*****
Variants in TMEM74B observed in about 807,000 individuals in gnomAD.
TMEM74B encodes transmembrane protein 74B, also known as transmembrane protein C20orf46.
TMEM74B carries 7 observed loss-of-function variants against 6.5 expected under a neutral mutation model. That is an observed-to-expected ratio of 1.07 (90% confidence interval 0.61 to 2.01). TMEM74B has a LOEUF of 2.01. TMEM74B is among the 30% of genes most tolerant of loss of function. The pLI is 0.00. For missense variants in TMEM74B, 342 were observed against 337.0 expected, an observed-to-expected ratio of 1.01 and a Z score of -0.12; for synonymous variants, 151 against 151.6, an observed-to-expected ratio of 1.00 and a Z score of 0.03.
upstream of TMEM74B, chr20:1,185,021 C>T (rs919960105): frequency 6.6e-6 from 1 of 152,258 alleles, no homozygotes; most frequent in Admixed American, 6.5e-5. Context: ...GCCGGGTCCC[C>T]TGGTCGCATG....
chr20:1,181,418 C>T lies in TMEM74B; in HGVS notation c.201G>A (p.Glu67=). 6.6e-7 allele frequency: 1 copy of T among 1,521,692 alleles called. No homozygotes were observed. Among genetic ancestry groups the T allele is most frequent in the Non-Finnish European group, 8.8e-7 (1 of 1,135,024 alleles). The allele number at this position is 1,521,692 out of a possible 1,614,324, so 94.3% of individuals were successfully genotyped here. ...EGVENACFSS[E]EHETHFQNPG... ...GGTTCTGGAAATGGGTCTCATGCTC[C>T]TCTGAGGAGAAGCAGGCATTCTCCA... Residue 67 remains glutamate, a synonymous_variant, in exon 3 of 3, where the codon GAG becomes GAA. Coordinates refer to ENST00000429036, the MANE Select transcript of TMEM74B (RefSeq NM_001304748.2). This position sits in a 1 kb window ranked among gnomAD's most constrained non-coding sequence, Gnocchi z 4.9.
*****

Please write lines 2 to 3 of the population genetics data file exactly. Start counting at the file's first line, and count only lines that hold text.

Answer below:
TMEM74B encodes transmembrane protein 74B, also known as transmembrane protein C20orf46.
TMEM74B carries 7 observed loss-of-function variants against 6.5 expected under a neutral mutation model. That is an observed-to-expected ratio of 1.07 (90% confidence interval 0.61 to 2.01). TMEM74B has a LOEUF of 2.01. TMEM74B is among the 30% of genes most tolerant of loss of function. The pLI is 0.00. For missense variants in TMEM74B, 342 were observed against 337.0 expected, an observed-to-expected ratio of 1.01 and a Z score of -0.12; for synonymous variants, 151 against 151.6, an observed-to-expected ratio of 1.00 and a Z score of 0.03.